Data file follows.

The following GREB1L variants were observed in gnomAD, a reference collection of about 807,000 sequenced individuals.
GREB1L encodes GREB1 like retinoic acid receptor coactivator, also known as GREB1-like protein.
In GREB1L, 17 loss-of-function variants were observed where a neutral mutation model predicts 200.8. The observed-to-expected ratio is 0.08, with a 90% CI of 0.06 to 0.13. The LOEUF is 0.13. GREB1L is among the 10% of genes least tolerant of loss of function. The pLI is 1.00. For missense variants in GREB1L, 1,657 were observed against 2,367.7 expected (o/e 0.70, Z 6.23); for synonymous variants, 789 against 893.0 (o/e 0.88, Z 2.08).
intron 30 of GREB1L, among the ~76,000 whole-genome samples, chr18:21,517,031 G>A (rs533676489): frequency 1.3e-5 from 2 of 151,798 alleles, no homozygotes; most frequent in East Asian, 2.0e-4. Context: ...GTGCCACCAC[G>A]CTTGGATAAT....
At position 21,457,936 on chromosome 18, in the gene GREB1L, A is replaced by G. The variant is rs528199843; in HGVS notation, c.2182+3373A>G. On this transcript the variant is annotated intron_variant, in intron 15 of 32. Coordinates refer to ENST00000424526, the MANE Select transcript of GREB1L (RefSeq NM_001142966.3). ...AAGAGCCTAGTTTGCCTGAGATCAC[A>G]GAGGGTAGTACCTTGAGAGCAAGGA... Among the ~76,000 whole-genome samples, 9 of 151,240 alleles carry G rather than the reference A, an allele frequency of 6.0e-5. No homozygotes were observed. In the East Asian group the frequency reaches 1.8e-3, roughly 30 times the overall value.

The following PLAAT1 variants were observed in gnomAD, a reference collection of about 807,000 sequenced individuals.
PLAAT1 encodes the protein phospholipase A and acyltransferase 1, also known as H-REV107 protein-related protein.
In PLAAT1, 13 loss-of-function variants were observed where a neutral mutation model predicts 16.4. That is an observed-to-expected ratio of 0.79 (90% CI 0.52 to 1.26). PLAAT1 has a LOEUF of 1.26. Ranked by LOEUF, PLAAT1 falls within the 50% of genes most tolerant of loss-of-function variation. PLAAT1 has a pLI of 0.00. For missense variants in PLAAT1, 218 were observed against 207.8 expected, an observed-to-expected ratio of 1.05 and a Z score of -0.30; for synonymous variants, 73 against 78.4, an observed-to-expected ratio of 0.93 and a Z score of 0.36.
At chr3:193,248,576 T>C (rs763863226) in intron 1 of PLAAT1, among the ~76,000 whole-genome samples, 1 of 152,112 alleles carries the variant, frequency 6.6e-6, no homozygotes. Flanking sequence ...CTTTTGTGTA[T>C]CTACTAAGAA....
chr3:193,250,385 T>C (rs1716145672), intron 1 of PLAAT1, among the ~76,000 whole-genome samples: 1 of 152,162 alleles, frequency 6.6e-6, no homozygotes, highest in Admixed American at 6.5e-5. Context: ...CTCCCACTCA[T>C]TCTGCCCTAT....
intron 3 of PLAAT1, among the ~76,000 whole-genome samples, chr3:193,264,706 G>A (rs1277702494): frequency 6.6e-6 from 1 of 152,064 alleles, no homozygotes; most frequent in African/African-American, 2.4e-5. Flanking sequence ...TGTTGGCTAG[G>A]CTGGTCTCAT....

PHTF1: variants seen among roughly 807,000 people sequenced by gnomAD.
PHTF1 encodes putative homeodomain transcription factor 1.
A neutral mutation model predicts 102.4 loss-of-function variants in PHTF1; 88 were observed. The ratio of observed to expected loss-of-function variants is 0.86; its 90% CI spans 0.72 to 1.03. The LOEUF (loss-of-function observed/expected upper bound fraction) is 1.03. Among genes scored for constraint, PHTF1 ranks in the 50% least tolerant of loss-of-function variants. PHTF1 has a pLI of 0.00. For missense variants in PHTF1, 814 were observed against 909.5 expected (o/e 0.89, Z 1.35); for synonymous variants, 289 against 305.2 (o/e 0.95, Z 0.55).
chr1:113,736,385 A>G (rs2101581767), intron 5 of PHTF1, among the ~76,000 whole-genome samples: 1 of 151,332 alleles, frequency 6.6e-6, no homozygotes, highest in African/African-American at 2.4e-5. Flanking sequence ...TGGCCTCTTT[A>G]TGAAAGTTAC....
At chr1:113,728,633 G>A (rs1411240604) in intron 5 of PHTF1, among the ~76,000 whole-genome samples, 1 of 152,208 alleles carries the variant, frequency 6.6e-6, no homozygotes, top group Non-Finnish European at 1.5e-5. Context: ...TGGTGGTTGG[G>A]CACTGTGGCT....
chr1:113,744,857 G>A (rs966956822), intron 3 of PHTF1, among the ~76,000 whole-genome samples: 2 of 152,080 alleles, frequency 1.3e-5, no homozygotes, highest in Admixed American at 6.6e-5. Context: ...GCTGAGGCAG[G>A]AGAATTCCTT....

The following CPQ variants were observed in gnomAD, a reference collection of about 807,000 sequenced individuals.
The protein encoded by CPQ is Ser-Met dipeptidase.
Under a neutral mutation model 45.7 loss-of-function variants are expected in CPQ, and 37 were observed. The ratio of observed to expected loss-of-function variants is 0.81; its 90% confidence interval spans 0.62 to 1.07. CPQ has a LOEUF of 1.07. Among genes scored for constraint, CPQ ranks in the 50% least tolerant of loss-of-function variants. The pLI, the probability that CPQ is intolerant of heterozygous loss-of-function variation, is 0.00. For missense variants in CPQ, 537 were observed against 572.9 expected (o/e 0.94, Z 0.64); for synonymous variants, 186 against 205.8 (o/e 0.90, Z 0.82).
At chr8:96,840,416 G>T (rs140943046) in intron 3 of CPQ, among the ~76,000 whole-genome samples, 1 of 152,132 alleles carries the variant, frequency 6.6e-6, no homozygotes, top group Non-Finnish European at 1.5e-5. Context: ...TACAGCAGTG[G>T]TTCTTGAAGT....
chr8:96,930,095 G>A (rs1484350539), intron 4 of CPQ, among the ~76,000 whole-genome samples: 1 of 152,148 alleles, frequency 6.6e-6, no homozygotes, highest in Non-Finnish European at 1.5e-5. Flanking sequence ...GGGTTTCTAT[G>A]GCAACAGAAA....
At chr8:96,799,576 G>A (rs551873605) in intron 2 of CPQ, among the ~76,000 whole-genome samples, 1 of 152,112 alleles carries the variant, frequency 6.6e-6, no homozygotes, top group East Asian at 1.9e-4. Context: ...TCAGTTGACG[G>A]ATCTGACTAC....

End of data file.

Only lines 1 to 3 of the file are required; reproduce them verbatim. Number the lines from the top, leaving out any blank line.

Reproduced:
The following GREB1L variants were observed in gnomAD, a reference collection of about 807,000 sequenced individuals.
GREB1L encodes GREB1 like retinoic acid receptor coactivator, also known as GREB1-like protein.
In GREB1L, 17 loss-of-function variants were observed where a neutral mutation model predicts 200.8. The observed-to-expected ratio is 0.08, with a 90% CI of 0.06 to 0.13. The LOEUF is 0.13. GREB1L is among the 10% of genes least tolerant of loss of function. The pLI is 1.00. For missense variants in GREB1L, 1,657 were observed against 2,367.7 expected (o/e 0.70, Z 6.23); for synonymous variants, 789 against 893.0 (o/e 0.88, Z 2.08).